In light of the global effort to better understand the new SARS-CoV-2 virus, we and other researchers from the HCA Lung Biological Network and beyond have begun an initiative to investigate datasets from relevant tissues profiled as part of other ongoing studies. These studies represent, for example, large efforts to characterize HIV, Mtb, and influenza infection and allergy in primary human and non-human primate samples. This page serves as a guide to viewing our data interactively on and downloading datasets from our single-cell portal, the Alexandria Project. Alternatively, bulk downloading of our data is available here. For more on research initiatives in COVID-19 being undertaken by the HCA, and the HCA Lung Biological Network in particular, please visit the HCA website here.
We investigated two genes whose protein products are central to the cellular entry of SARS-CoV-2: ACE2 and TMPRSS2. Consistent with previous studies, we found that the gene encoding ACE2, the SARS-CoV-2 entry receptor, is expressed on a subset of lung epithelial cells, type 2 pneumocytes, and a subset of ileal epithelial cells, absorptive enterocytes, across several datasets. The protease TMPRSS2 primes the spike protein of SARS-CoV-2 and is also important for viral entry. Because of this, we identified cells which co-express ACE2 and TMPRSS2 in our datasets, and investigated additional genes enriched within ACE2 and TMPRSS2 co-expressing cells. As we believe this data may prove useful to other researchers investigating similar questions, we have made our datasets public through the interactive Alexandria Project. Here, you can view our annotations of these datasets and investigate which other genes are highly expressed in these cell subsets of interest.
NB None of the datasets presented here were designed to answer specific questions about COVID-19. Additional studies will be required across larger, appropriately structured cohorts. Further, we provide a note of caution when interpreting scRNA-seq data for low abundance transcripts like ACE2 and TMPRSS2 as detection inefficiencies and/or sequencing depth may result in an underestimation of the actual frequencies of ACE2+ or ACE2+/TMPRSS2+ cells in tissues. Moreover, the protein levels of each may differ from their mRNA abundances. We present each data set separately, as each study differed by method of tissue processing and collection protocols, each of which can influence the frequency of recovered cell subsets.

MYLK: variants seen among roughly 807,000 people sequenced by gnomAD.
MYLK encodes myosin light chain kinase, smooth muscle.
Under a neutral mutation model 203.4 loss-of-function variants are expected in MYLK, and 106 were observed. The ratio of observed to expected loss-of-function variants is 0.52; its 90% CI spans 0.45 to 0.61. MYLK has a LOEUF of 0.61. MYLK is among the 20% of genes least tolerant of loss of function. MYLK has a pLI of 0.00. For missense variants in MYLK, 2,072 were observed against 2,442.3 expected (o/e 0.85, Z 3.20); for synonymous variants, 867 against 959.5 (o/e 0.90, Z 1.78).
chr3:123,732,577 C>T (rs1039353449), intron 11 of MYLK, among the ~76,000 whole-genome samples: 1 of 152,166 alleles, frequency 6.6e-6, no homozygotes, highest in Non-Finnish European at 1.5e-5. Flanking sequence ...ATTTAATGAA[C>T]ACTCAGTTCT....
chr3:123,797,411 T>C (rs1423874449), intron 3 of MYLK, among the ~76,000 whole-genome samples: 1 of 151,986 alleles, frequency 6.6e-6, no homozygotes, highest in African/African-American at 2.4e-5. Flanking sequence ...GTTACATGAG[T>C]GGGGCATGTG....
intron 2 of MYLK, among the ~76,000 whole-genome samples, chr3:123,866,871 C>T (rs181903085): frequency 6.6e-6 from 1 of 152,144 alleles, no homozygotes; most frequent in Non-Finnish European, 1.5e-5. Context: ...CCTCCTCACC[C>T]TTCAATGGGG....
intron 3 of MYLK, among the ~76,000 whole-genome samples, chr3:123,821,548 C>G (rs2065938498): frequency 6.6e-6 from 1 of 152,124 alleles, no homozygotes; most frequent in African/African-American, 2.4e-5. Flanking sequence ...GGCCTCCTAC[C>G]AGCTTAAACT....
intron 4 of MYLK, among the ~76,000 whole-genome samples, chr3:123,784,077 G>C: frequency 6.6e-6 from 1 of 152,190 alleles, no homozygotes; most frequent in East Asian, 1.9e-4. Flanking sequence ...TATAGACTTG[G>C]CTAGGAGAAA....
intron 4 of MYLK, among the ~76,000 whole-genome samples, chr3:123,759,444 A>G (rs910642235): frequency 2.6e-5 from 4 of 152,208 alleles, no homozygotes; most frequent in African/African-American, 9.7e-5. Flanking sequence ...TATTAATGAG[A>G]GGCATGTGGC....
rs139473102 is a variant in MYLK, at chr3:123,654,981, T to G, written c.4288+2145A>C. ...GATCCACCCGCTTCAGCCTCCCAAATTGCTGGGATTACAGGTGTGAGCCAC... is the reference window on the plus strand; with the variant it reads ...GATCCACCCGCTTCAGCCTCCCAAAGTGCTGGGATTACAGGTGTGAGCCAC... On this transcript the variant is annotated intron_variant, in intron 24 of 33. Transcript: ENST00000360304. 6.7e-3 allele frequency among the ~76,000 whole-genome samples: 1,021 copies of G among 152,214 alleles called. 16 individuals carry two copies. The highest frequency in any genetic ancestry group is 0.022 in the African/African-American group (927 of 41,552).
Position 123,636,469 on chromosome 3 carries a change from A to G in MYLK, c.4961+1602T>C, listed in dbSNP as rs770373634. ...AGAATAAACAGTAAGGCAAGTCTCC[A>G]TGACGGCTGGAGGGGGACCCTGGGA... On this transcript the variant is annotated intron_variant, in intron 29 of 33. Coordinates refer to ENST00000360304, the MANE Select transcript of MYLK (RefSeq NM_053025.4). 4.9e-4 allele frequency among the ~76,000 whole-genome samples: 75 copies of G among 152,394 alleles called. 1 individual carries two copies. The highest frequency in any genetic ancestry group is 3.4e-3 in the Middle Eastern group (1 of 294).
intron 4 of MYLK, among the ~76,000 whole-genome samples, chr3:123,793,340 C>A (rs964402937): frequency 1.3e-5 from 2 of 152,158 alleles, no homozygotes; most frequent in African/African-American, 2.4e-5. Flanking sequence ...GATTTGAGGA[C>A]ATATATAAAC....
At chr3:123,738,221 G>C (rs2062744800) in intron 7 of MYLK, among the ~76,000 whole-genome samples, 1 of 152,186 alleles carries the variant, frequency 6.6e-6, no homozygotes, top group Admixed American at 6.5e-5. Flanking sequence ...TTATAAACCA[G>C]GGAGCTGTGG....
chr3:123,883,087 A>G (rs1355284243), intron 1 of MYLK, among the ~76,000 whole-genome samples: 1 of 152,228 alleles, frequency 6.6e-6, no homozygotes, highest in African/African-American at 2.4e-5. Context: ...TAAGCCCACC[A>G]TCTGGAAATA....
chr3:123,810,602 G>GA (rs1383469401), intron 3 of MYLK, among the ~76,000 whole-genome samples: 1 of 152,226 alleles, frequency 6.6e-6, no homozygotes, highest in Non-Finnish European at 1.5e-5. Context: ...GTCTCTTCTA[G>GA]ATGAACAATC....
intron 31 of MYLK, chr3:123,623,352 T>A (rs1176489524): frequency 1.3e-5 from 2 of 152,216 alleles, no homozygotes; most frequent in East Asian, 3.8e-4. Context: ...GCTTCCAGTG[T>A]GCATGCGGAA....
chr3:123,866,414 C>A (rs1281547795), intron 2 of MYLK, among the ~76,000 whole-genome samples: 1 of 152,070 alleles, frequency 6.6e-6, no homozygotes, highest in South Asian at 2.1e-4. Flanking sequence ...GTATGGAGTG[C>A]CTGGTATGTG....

Our pre-print “SARS-CoV-2 receptor ACE2 is an interferon-stimulated gene in human airway epithelial cells and is enriched in specific cell subsets across tissues” can be found here, and the abstract is reproduced below.
There is pressing urgency to better understand the pathogenesis of the severe acute respiratory syndrome (SARS) coronavirus (CoV) clade SARS-CoV-2. SARS-CoV-2, like SARS-CoV, utilizes ACE2 to bind host cells. While initial SARS-CoV-2 cell entry and infection depend on ACE2 in concert with the protease TMPRSS2 for spike (S) protein activation, the specific cell subsets targeted by SARS-CoV-2 in host tissues, and the factors that regulate ACE2 expression, remain unknown. Here, we leverage human and non-human primate (NHP) single-cell RNA-sequencing (scRNA-seq) datasets to uncover the cell subsets that may serve as cellular targets of SARS-CoV-2. We identify ACE2/TMPRSS2 co-expressing cells within type II pneumocytes, absorptive enterocytes, and nasal goblet secretory cells. Strikingly, we discover that ACE2 is an interferon-stimulated gene (ISG) in human barrier tissue epithelial cells. Thus, SARS-CoV-2 may exploit IFN-driven upregulation of ACE2, a key tissue-protective mediator during lung injury, to enhance infection.
Atlas of ACE2 expression in healthy non-human primate lung and ileum
In this study, we collected cells from various tissues in healthy and SHIV-infected non-human primates using Seq-Well v1. Here we highlight the lung and ileum and show that ACE2 and TMPRSS2 are co-expressed most frequently in type II pneumocytes in the lung and absorptive enterocytes in the ileum.
To visualize these cells in the Alexandria Project, visit this study: Atlas of healthy non-human primate lung and ileum ACE2+ cells
This project contains two UMAP visualizations (one for lung cells and one for ileum cells): toggle between them by clicking on the ‘Explore’ tab, select ‘View Options’ in the top right hand corner, and switch between lung and ileum under the ‘Load Cluster’ dropdown.